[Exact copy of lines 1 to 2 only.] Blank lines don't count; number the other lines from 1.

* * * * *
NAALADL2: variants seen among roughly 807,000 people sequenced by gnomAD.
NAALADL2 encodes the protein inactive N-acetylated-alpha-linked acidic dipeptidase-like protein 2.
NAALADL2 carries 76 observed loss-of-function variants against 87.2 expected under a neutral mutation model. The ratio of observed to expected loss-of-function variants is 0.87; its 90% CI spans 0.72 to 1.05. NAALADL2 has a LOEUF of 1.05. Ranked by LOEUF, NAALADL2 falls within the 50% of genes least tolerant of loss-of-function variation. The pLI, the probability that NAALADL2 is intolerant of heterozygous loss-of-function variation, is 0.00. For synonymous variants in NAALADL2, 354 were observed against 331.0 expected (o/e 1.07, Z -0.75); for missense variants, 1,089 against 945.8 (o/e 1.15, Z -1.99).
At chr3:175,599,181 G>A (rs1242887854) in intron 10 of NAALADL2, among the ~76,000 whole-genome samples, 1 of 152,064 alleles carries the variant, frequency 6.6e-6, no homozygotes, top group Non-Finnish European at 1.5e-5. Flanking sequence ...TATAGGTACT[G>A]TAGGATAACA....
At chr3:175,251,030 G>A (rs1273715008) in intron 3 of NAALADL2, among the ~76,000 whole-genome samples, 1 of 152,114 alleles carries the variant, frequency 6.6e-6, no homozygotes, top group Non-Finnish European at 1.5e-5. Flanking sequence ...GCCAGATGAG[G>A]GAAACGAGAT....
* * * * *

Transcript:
NAALADL2: variants seen among roughly 807,000 people sequenced by gnomAD.
NAALADL2 encodes the protein inactive N-acetylated-alpha-linked acidic dipeptidase-like protein 2.